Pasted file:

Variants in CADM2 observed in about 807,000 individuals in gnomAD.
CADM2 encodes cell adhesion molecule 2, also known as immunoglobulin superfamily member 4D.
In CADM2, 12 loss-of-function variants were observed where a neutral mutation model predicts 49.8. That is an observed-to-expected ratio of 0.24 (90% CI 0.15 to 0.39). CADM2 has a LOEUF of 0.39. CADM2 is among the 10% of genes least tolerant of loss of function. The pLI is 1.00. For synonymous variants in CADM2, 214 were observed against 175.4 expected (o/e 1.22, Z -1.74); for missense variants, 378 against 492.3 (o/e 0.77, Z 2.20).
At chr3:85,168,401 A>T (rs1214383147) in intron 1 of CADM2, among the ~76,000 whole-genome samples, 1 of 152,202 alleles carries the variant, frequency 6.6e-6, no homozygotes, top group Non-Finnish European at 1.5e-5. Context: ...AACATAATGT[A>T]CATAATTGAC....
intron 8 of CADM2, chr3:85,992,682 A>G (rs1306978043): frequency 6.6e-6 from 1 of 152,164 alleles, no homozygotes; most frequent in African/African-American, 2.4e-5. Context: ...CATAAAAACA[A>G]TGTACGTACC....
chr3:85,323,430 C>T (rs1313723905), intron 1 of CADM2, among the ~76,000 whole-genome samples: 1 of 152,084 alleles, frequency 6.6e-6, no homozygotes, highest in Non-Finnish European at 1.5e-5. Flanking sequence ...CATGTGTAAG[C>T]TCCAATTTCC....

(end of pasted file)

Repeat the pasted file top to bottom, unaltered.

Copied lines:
Variants in CADM2 observed in about 807,000 individuals in gnomAD.
CADM2 encodes cell adhesion molecule 2, also known as immunoglobulin superfamily member 4D.
In CADM2, 12 loss-of-function variants were observed where a neutral mutation model predicts 49.8. That is an observed-to-expected ratio of 0.24 (90% CI 0.15 to 0.39). CADM2 has a LOEUF of 0.39. CADM2 is among the 10% of genes least tolerant of loss of function. The pLI is 1.00. For synonymous variants in CADM2, 214 were observed against 175.4 expected (o/e 1.22, Z -1.74); for missense variants, 378 against 492.3 (o/e 0.77, Z 2.20).
At chr3:85,168,401 A>T (rs1214383147) in intron 1 of CADM2, among the ~76,000 whole-genome samples, 1 of 152,202 alleles carries the variant, frequency 6.6e-6, no homozygotes, top group Non-Finnish European at 1.5e-5. Context: ...AACATAATGT[A>T]CATAATTGAC....
intron 8 of CADM2, chr3:85,992,682 A>G (rs1306978043): frequency 6.6e-6 from 1 of 152,164 alleles, no homozygotes; most frequent in African/African-American, 2.4e-5. Context: ...CATAAAAACA[A>G]TGTACGTACC....
chr3:85,323,430 C>T (rs1313723905), intron 1 of CADM2, among the ~76,000 whole-genome samples: 1 of 152,084 alleles, frequency 6.6e-6, no homozygotes, highest in Non-Finnish European at 1.5e-5. Flanking sequence ...CATGTGTAAG[C>T]TCCAATTTCC....